Are these fears irrational? Hardly. Consider some of the provisions of Norway’s Child Welfare Act („Act”), improperly so called, and which, by the standards of the modern citizen accustomed to the rule of law, are frightening. They legislate the nightmare that Barnevernet is. Section 3-1 imposes an obligation on „municipalities” to „closely monitor the conditions in which children live.” How is this „close monitoring” done? Some means have been identified already: anonymous callers, teacher complaints, periodic interrogations of parents by state officials, letters in the mail, disgruntled neighbors, separate meetings with children. According to Section 3-1the monitoring is intended to „bring to light neglect, social and emotional problems” of children and thus to avoid „lasting problems” for the children. This is all done under the pretense of Barnevernet pursuing „the child’s best interests.” Section 4-1 of the Act.
Following complaints and investigations, Barnevernet is empowered to take „measures” to rectify the problems children allegedly face, including the issuance of „interim orders.” Section 4-6 of the Act. This includes the issuance of a „care order without the consent of the parents.” In the vernacular, this means an order to take the children away from their biological parents. There is no time limit on how long the children can be separated from their biological parents. Note, though, that if the separation „has lasted more than two years” the Act imposes a presumption that returning the children to their biological parents and removing them from the foster parents could harm the children. Accordingly, the children are likely to be adopted by the foster parents. This means that, the longer the separation, the chances of the children being reunited with their biological parents become virtually nil and the children are put up for adoption. Section 4-20 of the Act.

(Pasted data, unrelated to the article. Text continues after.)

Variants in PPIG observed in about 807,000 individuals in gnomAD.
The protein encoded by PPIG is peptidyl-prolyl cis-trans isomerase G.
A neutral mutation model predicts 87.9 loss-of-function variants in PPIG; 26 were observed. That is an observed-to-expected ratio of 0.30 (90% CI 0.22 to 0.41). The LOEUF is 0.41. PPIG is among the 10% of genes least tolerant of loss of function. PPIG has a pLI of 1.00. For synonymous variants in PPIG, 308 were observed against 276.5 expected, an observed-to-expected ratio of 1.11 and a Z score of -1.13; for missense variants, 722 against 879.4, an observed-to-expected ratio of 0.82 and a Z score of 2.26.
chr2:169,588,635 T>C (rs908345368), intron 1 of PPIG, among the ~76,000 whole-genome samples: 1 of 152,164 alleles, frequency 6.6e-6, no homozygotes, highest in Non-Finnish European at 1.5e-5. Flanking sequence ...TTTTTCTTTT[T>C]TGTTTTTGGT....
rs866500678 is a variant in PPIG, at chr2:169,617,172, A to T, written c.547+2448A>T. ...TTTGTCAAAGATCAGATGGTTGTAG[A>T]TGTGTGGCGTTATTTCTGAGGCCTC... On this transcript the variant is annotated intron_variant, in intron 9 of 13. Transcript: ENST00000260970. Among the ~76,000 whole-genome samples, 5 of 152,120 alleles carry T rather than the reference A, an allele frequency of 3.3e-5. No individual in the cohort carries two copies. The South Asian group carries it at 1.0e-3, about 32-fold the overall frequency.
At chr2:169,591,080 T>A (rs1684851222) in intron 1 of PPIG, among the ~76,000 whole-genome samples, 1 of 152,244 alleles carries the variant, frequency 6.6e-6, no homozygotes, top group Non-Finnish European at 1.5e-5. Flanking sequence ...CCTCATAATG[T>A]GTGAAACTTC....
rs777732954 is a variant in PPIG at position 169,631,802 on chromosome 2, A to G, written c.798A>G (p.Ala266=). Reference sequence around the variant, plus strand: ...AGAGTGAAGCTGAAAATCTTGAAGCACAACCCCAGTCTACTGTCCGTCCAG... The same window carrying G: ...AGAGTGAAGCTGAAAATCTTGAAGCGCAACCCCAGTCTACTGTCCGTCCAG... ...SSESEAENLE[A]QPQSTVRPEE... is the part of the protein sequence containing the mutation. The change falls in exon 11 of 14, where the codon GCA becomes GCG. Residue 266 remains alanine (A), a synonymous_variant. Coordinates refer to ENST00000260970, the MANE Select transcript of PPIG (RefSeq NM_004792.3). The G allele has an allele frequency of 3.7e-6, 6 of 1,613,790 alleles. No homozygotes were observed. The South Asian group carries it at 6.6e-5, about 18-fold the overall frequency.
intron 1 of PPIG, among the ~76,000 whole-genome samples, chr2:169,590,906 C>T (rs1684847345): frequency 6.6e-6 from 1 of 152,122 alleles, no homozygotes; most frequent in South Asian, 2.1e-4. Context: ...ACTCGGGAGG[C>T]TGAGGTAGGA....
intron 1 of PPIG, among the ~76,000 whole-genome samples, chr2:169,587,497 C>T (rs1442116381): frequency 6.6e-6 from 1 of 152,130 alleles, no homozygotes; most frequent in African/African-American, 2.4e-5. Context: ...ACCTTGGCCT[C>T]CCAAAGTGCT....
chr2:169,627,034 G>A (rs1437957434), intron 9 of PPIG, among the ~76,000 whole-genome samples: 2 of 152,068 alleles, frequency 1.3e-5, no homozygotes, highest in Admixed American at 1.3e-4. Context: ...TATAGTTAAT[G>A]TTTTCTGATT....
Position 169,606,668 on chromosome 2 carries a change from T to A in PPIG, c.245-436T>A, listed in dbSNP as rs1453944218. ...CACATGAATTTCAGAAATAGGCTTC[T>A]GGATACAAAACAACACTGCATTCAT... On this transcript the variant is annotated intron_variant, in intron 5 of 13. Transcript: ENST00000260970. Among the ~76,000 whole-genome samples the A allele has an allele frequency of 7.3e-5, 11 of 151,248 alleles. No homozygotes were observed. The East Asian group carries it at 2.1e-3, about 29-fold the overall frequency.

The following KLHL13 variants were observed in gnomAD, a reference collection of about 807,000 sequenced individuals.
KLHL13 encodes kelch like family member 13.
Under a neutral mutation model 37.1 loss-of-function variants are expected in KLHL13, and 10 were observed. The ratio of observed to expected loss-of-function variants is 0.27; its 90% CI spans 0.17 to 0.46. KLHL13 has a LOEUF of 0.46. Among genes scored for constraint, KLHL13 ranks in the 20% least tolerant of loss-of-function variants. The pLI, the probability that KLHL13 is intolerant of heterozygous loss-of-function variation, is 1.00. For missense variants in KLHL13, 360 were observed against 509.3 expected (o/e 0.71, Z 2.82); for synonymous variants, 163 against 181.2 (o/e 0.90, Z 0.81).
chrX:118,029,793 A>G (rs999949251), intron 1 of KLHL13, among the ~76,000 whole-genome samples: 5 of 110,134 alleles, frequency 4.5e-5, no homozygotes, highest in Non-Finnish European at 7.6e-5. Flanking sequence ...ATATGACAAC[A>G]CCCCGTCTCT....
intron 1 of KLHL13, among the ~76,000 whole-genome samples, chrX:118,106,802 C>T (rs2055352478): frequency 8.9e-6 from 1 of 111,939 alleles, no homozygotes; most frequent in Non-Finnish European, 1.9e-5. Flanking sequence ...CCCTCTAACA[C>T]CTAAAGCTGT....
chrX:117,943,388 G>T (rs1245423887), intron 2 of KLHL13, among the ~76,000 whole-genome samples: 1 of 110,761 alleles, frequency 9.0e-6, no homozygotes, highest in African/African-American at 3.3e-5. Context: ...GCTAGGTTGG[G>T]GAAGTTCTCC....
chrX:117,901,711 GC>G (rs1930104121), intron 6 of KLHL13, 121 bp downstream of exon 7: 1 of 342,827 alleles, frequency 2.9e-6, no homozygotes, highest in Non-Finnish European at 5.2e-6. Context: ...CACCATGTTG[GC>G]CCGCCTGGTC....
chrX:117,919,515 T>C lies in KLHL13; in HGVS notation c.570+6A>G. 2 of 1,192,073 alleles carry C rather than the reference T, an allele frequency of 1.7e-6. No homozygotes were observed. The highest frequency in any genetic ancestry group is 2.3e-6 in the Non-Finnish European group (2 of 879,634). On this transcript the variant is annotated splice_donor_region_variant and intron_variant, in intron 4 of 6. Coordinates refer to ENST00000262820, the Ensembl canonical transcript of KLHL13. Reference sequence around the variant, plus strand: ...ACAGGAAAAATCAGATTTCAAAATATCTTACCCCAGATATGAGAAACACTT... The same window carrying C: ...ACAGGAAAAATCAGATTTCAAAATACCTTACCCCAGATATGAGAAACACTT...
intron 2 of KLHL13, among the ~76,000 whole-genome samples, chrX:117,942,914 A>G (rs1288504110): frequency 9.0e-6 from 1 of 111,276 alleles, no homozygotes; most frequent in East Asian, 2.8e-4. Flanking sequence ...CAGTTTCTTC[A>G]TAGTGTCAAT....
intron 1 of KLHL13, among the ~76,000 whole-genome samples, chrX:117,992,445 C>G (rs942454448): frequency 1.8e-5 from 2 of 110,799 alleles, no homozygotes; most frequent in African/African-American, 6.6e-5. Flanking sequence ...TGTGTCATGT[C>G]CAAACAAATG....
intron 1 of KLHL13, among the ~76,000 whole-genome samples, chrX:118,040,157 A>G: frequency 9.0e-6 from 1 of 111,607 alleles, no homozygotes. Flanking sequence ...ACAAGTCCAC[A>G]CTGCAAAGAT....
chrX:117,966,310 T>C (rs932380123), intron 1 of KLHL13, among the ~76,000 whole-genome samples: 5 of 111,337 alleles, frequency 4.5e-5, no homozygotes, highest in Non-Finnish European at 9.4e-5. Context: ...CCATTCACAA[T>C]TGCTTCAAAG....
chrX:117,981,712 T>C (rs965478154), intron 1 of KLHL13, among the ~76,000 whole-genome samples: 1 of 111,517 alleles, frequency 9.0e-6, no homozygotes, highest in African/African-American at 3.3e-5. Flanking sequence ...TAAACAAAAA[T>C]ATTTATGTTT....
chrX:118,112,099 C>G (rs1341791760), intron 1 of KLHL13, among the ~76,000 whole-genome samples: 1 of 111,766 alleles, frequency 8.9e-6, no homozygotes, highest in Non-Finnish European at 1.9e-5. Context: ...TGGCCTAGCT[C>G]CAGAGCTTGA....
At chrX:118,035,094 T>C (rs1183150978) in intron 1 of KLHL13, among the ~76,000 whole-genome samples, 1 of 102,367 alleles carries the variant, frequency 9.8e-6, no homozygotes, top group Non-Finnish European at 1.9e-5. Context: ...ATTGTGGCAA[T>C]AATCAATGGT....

The child-parent relationship, however, can be severed even before the expiration of the two-year period where „the child has become so attached to [the foster parents”] … that … removing the child may lead to serious problems for him or her.” Note also that the „foster parents,” not the biological parents, are „entitled to state their opinion” on whether the children should or should not be returned to their biological parents or, instead, be adopted by the former. Section 4-21 of the Act.
The Norwegians’ stories compel the view that in Norway it may very well be a crime to have many children. If you do, Barnevernet will get you, or to you, sooner or later. It’s just a matter of time before Barnevernet will knock on your door, with or without official summons. One may say that this is to be expected from a Norway which is, and has traditionally been, in the forefront of the global movement for population control. Socialist Norway takes from those who
have to give to those who don’t. This is the basic tenet of socialism with which Romanians are well acquainted, having been victimized by it for nearly 50 years. Norway, however, extends this doctrine to families, demography, and procreation. Families with many children are dismembered and the children are redistributed to those who either do not bother to bring into the world their own progeny, abort their offspring, or are unable to procreate due to their non-procreative lifestyles. The dismemberment of the natural family, and the reconstruction of the artificial family, is Barnevernet’s job. No wonder Norwegians fear it and the rest of the world hates it.